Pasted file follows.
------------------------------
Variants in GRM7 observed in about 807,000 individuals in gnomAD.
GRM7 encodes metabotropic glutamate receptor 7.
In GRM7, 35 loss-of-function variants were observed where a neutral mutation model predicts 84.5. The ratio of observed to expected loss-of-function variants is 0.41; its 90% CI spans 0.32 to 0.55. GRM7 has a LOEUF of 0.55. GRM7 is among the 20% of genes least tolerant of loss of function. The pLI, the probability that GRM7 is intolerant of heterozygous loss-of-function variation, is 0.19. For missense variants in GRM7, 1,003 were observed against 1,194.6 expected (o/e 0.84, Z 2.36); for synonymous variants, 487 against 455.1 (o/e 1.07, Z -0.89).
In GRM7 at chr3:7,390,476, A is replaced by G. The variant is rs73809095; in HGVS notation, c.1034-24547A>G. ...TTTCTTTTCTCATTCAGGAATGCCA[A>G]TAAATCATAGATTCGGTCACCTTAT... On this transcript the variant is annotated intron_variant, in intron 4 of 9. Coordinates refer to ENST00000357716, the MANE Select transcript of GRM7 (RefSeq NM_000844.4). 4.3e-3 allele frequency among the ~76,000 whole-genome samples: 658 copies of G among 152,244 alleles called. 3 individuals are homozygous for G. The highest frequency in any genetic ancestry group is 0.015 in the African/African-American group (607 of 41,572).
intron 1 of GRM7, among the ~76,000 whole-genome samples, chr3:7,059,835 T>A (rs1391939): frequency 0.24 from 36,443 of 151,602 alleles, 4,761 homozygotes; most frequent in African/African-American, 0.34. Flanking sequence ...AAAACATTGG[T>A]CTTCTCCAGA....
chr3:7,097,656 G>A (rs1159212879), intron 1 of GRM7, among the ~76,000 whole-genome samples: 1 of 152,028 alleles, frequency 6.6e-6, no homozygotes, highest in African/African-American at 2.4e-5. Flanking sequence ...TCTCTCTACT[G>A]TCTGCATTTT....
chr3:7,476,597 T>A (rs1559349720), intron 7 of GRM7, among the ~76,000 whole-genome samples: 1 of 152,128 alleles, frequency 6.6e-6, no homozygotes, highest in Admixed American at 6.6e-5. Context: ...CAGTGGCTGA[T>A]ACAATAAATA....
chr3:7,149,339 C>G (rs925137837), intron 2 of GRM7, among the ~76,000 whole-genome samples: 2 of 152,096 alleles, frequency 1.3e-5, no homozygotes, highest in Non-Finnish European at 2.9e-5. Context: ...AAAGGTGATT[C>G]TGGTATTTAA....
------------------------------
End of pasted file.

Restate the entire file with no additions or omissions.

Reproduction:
Variants in GRM7 observed in about 807,000 individuals in gnomAD.
GRM7 encodes metabotropic glutamate receptor 7.
In GRM7, 35 loss-of-function variants were observed where a neutral mutation model predicts 84.5. The ratio of observed to expected loss-of-function variants is 0.41; its 90% CI spans 0.32 to 0.55. GRM7 has a LOEUF of 0.55. GRM7 is among the 20% of genes least tolerant of loss of function. The pLI, the probability that GRM7 is intolerant of heterozygous loss-of-function variation, is 0.19. For missense variants in GRM7, 1,003 were observed against 1,194.6 expected (o/e 0.84, Z 2.36); for synonymous variants, 487 against 455.1 (o/e 1.07, Z -0.89).
In GRM7 at chr3:7,390,476, A is replaced by G. The variant is rs73809095; in HGVS notation, c.1034-24547A>G. ...TTTCTTTTCTCATTCAGGAATGCCA[A>G]TAAATCATAGATTCGGTCACCTTAT... On this transcript the variant is annotated intron_variant, in intron 4 of 9. Coordinates refer to ENST00000357716, the MANE Select transcript of GRM7 (RefSeq NM_000844.4). 4.3e-3 allele frequency among the ~76,000 whole-genome samples: 658 copies of G among 152,244 alleles called. 3 individuals are homozygous for G. The highest frequency in any genetic ancestry group is 0.015 in the African/African-American group (607 of 41,572).
intron 1 of GRM7, among the ~76,000 whole-genome samples, chr3:7,059,835 T>A (rs1391939): frequency 0.24 from 36,443 of 151,602 alleles, 4,761 homozygotes; most frequent in African/African-American, 0.34. Flanking sequence ...AAAACATTGG[T>A]CTTCTCCAGA....
chr3:7,097,656 G>A (rs1159212879), intron 1 of GRM7, among the ~76,000 whole-genome samples: 1 of 152,028 alleles, frequency 6.6e-6, no homozygotes, highest in African/African-American at 2.4e-5. Flanking sequence ...TCTCTCTACT[G>A]TCTGCATTTT....
chr3:7,476,597 T>A (rs1559349720), intron 7 of GRM7, among the ~76,000 whole-genome samples: 1 of 152,128 alleles, frequency 6.6e-6, no homozygotes, highest in Admixed American at 6.6e-5. Context: ...CAGTGGCTGA[T>A]ACAATAAATA....
chr3:7,149,339 C>G (rs925137837), intron 2 of GRM7, among the ~76,000 whole-genome samples: 2 of 152,096 alleles, frequency 1.3e-5, no homozygotes, highest in Non-Finnish European at 2.9e-5. Context: ...AAAGGTGATT[C>G]TGGTATTTAA....